New resources available

QCDFVR has recently designed five new resources to be used as tools in assisting people affected by domestic and family violence and sexual assault. Click on images below to view individual fact sheet or click the button below to view our entire range of online fact sheets.

Online fact sheets

Key messages for practice

Practice Paper: Prevention, Early Intervention and Support for Aboriginal and Torres Strait Islander People who have Experienced Sexual Violence

Integrated Services Responses: A Measurement tool for communities

Sexual Assault – Myths and Facts

Domestic Violence – Myth and Facts

July 23rd, 2019|


Two of our most recent webinar videos from the Brisbane South PHN webinar series are now available online.


Working with clients with intellectual, learning or cognitive disabilities

Presented by Manager of WwILD, Leona Berrie on the 30th of May, 2019





Reproductive health impacts of domestic violence: a health care practitioner’s role in supporting women’s reproductive autonomy

Presented by Senior Counsellor of Children by Choice Liz Price on the 28th June, 2019






July 15th, 2019|



This month at QCDFVR, we join others around the country in celebrating NAIDOC Week 2019.

We accept the NAIDOC invitation to be part of a movement of the Australian people for a better future.We join those who hear the 65,000 year old Indigenous voice of our county.

Since its inception, acknowledgement of the know-how, practices, skills and innovations of our Aboriginal and Torres Strait Islander colleagues and communities has been part of the QCDFVR tradition. It’s a tradition which we’ve had the privilege of growing with those who work to end family violence through, in particular, our hosting of the Queensland Indigenous Family Violence Prevention Forum. We are proud and humbled to share the efforts of the Aboriginal and Torres Strait Islander peoples who have looked for significant and lasting change.

In the spirit of NAIDOC, we agree: Let’s work together for a shared future.

July 5th, 2019|

Introducing New Staff

Brian Sullivan PhD

To Dr Brian Sullivan, domestic violence is not only a gendered pattern of coercive violence: it manifests as criminal justice, public health and human rights issues, threatening the safety, freedom, and dignity of women and children.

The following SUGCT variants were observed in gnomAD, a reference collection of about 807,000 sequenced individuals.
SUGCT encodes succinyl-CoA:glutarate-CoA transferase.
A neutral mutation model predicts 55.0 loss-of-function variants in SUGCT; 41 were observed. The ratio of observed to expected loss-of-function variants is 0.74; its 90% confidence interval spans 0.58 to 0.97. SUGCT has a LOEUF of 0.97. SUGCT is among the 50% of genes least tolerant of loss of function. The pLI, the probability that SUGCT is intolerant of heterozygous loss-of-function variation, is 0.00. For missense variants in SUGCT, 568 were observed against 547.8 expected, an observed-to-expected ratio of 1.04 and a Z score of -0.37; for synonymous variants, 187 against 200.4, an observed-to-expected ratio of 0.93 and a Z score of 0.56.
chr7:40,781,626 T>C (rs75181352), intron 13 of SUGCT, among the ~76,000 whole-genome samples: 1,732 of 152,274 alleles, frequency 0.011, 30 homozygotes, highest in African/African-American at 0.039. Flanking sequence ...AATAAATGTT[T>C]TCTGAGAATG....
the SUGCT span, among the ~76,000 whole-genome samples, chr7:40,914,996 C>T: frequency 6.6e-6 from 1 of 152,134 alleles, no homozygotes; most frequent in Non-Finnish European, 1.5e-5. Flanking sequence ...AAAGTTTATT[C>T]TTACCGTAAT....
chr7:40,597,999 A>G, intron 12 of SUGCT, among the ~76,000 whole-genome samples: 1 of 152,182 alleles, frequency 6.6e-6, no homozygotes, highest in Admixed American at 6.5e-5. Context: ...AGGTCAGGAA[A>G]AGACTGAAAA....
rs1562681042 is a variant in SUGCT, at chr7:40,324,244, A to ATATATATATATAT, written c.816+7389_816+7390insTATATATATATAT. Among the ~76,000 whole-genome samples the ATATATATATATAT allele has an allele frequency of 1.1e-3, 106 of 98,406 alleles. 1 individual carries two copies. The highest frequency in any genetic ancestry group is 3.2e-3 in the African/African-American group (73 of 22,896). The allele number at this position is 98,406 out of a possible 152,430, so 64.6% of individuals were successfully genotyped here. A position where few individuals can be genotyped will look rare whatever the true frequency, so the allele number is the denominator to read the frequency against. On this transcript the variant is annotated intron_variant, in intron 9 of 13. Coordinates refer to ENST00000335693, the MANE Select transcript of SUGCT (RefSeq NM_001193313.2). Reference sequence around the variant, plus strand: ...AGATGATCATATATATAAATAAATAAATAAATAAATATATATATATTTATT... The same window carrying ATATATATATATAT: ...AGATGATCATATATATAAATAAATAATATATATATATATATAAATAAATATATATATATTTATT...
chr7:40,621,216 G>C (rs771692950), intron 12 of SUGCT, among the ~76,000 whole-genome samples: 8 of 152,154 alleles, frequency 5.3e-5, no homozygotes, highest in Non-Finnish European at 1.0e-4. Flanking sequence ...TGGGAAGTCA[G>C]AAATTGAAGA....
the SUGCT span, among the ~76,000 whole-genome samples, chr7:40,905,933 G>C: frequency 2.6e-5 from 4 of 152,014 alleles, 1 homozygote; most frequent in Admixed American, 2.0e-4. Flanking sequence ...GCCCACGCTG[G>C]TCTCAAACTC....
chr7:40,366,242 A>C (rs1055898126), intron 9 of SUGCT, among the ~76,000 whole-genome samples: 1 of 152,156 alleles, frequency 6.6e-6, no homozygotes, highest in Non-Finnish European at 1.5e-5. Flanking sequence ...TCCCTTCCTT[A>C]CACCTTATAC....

Brian’s research interests include accountability in the domestic violence sector, effectiveness of collaborative community approaches to domestic violence intervention, identifying and managing unintended consequences of domestic and family violence interventions, and working with men for change. He began work as Senior Lecturer, Head of Program for the Domestic and Family Violence Practice suite of courses at CQUniversity in June 2019.


After 15 years working in leadership roles in the education and human service sectors, Brian undertook advanced counsellor training in the USA. He completed his doctorate in counselling and mental health at the College of Health and Human Services, University of Toledo, Ohio in 2000, where he researched readiness for change in court-mandated male perpetrators of domestic violence.

While in the USA, Brian also trained in the Duluth Model of Domestic Violence Intervention, and he has worked intensively with court-ordered men using the Duluth program.

On returning to Australia, Brian was instrumental in designing and developing the Master of Counselling Program at the University of Queensland, where he coordinated a course in Violence Issues in Counselling. Brian has also provided training for professionals in Domestic Violence Intervention Programs for men who perpetrate intimate partner violence, and with communities organising collaborative community responses to domestic violence.

He has regularly presented at Queensland Police Domestic Violence Liaison Officers (DVLO) training, and trained Probation and Parole Officers of Queensland Corrective Services annually since 2003.  Brian has also completed a review of the Queensland Police Service First Year Constables Domestic Violence Intervention Training Package, and in 2008, was appointed a White Ribbon Ambassador.

In 2009 Brian was contracted by the Duluth Domestic Abuse Intervention Project to present their three day Level 1 facilitator training and two day Level 2 facilitator training in the Duluth Curriculum “Creating a Process of Change for Men who Abuse”.

For the last three years Brian has worked at YFS, Logan, as the practice manager of five men’s domestic violence intervention groups per week. He has supervised Facilitators of the Men’s Program, Women’s Counsellors and Women’s Advocates in the Domestic and Family Violence Program at YFS, Logan.

Brian has also written a men’s domestic violence intervention program and been consulted by government and non-government organisations on integrated responses and men’s domestic violence intervention.

He is currently on the Board of the Red Rose Foundation.



June 17th, 2019|